One of the best book this year, I would say, is The Black Swan Theory. You may wonder why the theory is called “the Black Swan”. According to Wikipedia,
The term black swan comes from the ancient Western conception that all swans were white. In that context, a black swan was a metaphor for something that could not exist. The 17th Century discovery of black swans in Australia metamorphosed the term to connote that the perceived impossibility actually came to pass.
And then what are the attributes of a Black Swan event ? You can read the first chapter of the book to find out, but here is an excerpt:
- First, it is an outlier, as it lies outside the realm of regular expectations, because nothing in the past can convincingly point to its possibility.
- Second, it carries an extreme impact.
- Third, in spite of its outlier status, human nature makes us concoct explanations for its occurrence after the fact, making it explainable and predictable.
And I have a real IT example to share as well …
Back in year 2000, we developed a system to disseminate some important information online, along with the offline channel (i.e one could get the same information over the counter). In one summer day the system went live as scheduled, but because of a tropical typhoon all office counters were closed. In other words, the online web site was the only channel to get those important information. As a result, thousands of people logged on to the web site at the same time and crashed the system. Even though we managed to fix the problem within an hour, we disappointed thousands of people.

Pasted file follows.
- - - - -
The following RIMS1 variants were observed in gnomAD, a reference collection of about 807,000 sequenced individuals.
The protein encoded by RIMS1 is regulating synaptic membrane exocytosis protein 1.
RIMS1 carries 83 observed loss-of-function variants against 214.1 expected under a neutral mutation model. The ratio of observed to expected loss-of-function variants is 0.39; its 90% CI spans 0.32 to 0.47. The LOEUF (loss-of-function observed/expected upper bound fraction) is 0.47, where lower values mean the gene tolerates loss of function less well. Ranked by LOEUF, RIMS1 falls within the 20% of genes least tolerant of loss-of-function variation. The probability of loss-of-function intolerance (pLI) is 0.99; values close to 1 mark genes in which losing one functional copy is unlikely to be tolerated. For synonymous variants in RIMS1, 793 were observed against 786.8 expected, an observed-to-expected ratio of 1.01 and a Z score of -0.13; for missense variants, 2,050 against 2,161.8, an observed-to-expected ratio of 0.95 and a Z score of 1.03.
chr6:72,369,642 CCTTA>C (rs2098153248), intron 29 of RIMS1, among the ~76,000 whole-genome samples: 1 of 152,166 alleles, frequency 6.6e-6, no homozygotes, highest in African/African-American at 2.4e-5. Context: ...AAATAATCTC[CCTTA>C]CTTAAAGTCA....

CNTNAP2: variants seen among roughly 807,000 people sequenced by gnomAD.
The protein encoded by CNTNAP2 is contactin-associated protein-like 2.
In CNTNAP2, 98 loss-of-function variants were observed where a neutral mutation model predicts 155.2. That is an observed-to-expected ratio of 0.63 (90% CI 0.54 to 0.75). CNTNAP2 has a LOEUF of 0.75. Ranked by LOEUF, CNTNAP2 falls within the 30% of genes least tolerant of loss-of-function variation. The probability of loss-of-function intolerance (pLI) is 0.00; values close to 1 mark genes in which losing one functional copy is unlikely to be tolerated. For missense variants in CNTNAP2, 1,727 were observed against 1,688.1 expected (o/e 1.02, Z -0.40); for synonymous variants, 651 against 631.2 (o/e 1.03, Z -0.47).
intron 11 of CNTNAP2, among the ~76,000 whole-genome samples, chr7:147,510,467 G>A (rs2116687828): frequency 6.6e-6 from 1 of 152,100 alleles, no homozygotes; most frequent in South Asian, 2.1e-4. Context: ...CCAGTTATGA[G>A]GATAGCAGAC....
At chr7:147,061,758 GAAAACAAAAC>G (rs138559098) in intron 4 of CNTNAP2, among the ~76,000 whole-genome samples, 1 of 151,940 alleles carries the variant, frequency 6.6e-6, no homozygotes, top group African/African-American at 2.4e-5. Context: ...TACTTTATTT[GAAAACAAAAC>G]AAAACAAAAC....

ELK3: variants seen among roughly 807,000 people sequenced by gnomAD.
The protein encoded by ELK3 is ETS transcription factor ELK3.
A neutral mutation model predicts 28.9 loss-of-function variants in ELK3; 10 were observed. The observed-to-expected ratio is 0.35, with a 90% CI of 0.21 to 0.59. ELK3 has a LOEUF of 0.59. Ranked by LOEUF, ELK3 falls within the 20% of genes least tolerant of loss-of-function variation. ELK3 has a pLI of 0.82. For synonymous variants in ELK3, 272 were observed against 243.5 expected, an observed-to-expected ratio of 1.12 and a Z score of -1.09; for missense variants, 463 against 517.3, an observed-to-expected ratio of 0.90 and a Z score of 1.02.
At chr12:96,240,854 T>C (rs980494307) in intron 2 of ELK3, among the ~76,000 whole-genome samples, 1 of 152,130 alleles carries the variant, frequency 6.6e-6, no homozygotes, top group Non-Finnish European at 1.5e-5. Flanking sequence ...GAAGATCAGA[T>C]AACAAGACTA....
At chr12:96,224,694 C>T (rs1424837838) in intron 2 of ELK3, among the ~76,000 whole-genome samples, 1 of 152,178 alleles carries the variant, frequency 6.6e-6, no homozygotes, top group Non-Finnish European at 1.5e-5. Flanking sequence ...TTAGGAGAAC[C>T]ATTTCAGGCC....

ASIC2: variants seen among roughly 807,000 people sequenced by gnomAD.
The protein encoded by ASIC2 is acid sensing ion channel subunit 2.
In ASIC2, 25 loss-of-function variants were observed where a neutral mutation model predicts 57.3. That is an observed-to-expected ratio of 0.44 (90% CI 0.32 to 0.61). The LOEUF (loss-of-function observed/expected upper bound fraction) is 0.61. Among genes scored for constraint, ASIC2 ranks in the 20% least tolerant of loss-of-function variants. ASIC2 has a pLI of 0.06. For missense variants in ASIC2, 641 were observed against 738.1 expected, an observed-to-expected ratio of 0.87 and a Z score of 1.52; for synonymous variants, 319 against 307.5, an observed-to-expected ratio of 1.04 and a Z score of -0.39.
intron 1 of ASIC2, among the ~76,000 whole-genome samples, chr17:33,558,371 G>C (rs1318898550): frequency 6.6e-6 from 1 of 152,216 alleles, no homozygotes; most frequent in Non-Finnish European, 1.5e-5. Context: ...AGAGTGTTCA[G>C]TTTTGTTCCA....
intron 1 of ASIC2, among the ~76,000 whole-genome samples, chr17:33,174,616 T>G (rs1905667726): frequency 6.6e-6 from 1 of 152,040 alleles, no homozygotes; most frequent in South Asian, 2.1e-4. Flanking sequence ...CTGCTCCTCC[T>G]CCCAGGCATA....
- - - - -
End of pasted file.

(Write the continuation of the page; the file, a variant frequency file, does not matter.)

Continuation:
It was a high impact event (to those thousands of people who badly need the information in a timely fashion). And of course, we never expected the online channel would be the only dessimination channel – an outlier …
Similar to many IT problems, we explained the cause of the problem after the fact – Incompetent software firewall, inefficient traffic distribution across servers, under-par performance servers and slow database etc. etc.
Lesson Learnt ? We redesigned the whole infrastructure from ground up, performed rigorous load tests and from that point onward, the web site could handle tens of thousands of users with ease. A very expensive lesson though …